There’re no shortcuts

October 7th, 2012

You’ve probably heard it said before, “There’re no shortcuts in life.”

It’s usually directed at people who are impatient at doing something, trying to get rich quick, for example. Or trying to learn to play the guitar.

Yet my whole life has been directed towards just that goal – of finding shortcuts in life.

When I was in high school, I spent almost as much time trying to find shortcuts to exam success as I did on actual studying.

And when I was learning the guitar, I spent an equal amount of time trying to find some hidden underlying secret to techniques as I did on actually practicing them.

The truth is, I hate wasting time.

Why take a longer way when there’s a shorter way?

In a sense, it’s not shortcuts I’m talking about; it’s taking the shortest possible route to doing something. But to some people, it might as well be shortcuts, because they will always take the longest possible route.

For instance, take two points in a city.

You’ll be surprised at how many people will actually take a longer route between the two points. They will opt for main thoroughfares when taking a side street would be shorter.

It comes down to life philosophy.

And my life philosophy has always been to apply life’s finite resources in the most efficient and productive ways possible.

In this philosophy, I have been guided by two things.

First, a healthy dose of skepticism.

Distrust anyone who claims to have the answers to your problems, because anyone can claim to be an expert in their field.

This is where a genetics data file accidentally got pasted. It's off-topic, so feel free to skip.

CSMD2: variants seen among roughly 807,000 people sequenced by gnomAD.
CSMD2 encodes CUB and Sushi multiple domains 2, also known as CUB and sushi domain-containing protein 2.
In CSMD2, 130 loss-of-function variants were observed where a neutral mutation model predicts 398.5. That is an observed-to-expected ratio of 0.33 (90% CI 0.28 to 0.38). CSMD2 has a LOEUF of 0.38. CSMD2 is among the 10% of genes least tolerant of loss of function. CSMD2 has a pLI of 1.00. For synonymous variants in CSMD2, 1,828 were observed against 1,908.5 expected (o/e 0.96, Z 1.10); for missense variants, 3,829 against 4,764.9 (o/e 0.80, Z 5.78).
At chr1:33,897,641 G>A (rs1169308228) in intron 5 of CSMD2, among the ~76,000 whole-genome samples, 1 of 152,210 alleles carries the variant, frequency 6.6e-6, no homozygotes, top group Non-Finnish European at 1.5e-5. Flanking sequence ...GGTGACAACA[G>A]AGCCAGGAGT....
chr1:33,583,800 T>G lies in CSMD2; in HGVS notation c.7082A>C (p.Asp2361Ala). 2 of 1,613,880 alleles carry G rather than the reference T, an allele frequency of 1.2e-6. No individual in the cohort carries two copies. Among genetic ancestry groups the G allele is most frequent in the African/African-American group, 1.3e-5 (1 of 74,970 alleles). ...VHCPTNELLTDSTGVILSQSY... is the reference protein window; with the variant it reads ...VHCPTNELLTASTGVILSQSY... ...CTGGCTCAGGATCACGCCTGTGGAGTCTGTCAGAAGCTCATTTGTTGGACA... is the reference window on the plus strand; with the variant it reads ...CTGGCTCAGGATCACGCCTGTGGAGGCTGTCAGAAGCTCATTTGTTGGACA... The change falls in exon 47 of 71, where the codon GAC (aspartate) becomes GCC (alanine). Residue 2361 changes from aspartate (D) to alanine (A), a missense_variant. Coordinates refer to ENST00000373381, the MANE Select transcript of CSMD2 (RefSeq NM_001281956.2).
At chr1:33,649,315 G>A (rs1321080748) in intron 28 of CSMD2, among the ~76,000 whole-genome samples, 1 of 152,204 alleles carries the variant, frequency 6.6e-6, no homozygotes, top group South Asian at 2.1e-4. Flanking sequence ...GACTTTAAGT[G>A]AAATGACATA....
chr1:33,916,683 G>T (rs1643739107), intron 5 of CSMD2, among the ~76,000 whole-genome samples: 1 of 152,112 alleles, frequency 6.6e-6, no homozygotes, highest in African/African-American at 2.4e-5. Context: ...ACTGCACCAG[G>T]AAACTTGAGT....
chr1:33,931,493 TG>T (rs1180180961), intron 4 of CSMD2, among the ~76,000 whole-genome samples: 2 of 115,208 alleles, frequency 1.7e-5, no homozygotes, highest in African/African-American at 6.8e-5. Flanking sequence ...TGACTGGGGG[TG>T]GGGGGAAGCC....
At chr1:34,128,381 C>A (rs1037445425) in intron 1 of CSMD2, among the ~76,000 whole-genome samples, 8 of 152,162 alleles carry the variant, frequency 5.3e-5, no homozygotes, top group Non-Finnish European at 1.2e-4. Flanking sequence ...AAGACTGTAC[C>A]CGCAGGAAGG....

And nothing wastes more time then being stuck with someone who doesn’t know what he/she is doing. It’s like going on a jungle trek with a guide who doesn’t know the way.

The second point is to actively seek out the real experts. We’ve already established that anyone can claim to be an expert in their field.

Well, how do you separate the real from the cons?

From what they do.

Do they and can they actually do what they preach?

And once I find the experts in the field, I become their biggest fan.

I read everything about them, I watch them and dissect everything they say and do, to try to find out if they have any special tricks or techniques to make playing easier.

It was what I did with two of my greatest heroes – Glenn Gould and John Williams

The former, I have close to every CD he’s ever recorded and own almost every book, interview, and everything else that’s been written by or about him.

And John Williams?

I spent so much of my teenage years listening to him, I actually had recurring dreams of meeting him. And I spent a whole year after my jazz hiatus, trying to decode what he did – analyzing his fingerings and his technique –  trying to unearth some basic underlying principle in his approach to guitar playing.

What’s the point of all of this?

To make playing guitar easier.

Again, no point killing yourself when there’s an easier way to play something.

So if someone were to tell you there’re no shortcuts in life, it just reveals their total ignorance.

Life is full of shortcuts.

In fact, if you want to maximize your productivity and effectiveness, you owe it to yourself to find those shortcuts.

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2 Responses to “There’re no shortcuts”

  1. Miguel de Maria Says:

    Philip, thanks for the post. Sometimes the hardest thing is to take the shortcut, when you have been told for so long that the long way is the only one. For example, if you neglect ami alternation even if im alternation does not really work for you. I have been listening to Glenn Gould’s Inventions and Sinfonias a lot lately. Not sure if it gets any better than that!

    Miguel de Maria

  2. Philip Hii Says:

    There’s definitely a cultural stigma attached to shortcuts, people think it’s just taking the easy way out, but to me, it’s more about being efficient. Again, no point killing yourself when there’s an easier way to do something. Have you heard GG’s Mozart? Absolutely mind blowing.

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